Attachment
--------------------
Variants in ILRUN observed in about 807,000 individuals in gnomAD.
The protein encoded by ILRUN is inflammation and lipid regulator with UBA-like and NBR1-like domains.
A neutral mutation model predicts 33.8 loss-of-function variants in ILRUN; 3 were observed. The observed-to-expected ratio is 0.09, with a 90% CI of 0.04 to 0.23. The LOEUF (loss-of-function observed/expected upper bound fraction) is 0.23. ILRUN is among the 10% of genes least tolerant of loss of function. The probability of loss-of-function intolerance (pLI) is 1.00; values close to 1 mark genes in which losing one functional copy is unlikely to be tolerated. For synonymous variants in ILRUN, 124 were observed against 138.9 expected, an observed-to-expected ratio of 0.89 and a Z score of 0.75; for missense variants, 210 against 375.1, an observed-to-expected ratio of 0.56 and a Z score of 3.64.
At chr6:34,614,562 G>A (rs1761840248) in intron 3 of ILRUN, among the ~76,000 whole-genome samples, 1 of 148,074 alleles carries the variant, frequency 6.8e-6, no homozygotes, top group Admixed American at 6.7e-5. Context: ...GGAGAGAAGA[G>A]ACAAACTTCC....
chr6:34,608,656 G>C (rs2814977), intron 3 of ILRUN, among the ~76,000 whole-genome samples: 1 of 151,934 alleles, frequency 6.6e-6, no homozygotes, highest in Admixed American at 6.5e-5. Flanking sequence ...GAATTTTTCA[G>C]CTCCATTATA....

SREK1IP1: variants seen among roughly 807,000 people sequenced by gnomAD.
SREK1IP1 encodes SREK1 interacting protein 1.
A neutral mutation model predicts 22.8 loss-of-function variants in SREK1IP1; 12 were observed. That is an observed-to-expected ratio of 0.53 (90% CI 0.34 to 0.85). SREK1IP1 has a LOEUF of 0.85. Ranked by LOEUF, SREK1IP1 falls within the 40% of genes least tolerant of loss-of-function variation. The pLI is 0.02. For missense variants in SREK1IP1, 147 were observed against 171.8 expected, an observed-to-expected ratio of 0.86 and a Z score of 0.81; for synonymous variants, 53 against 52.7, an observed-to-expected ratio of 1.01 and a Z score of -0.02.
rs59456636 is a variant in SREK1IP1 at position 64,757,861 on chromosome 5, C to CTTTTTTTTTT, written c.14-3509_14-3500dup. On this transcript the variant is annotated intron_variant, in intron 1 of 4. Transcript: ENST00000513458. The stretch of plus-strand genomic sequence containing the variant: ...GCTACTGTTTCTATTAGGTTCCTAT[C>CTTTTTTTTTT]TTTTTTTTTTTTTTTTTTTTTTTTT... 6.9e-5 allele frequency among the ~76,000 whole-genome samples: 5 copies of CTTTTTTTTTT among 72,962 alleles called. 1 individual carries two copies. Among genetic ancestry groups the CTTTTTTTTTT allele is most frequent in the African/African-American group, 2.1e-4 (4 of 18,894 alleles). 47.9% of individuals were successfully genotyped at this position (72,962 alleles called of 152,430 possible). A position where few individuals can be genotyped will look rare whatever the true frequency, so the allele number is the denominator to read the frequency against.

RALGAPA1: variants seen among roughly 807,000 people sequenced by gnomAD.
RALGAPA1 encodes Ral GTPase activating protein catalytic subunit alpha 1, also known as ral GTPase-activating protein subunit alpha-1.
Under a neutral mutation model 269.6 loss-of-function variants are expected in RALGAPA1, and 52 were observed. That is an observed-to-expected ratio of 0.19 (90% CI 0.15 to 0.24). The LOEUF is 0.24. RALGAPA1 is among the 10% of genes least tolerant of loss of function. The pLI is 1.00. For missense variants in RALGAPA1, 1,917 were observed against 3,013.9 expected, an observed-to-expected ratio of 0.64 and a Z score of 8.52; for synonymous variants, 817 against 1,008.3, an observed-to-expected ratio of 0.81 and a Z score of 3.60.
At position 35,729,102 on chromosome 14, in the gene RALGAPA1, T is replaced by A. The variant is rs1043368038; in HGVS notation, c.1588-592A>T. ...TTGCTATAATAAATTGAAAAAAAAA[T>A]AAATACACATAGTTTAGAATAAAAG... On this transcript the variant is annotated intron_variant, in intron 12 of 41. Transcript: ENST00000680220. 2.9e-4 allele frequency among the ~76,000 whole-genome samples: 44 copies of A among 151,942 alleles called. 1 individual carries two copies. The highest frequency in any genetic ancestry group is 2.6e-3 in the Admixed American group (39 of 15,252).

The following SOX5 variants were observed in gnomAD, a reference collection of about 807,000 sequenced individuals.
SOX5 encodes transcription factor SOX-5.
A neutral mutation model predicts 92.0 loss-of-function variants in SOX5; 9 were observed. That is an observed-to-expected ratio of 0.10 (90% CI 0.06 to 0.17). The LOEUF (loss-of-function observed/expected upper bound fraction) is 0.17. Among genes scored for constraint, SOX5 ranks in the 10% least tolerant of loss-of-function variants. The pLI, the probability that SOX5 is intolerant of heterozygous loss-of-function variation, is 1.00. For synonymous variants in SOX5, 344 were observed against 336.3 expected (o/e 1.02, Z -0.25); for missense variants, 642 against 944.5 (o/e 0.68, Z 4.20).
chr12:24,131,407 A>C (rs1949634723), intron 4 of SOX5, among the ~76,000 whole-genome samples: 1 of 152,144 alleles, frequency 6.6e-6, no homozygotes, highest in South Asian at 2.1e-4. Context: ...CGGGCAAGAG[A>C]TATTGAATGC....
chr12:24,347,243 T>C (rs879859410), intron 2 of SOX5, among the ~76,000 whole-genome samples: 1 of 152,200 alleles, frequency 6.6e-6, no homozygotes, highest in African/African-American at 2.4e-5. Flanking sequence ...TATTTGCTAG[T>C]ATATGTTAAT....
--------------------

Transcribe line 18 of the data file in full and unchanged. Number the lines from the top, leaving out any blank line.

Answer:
chr12:24,347,243 T>C (rs879859410), intron 2 of SOX5, among the ~76,000 whole-genome samples: 1 of 152,200 alleles, frequency 6.6e-6, no homozygotes, highest in African/African-American at 2.4e-5. Flanking sequence ...TATTTGCTAG[T>C]ATATGTTAAT....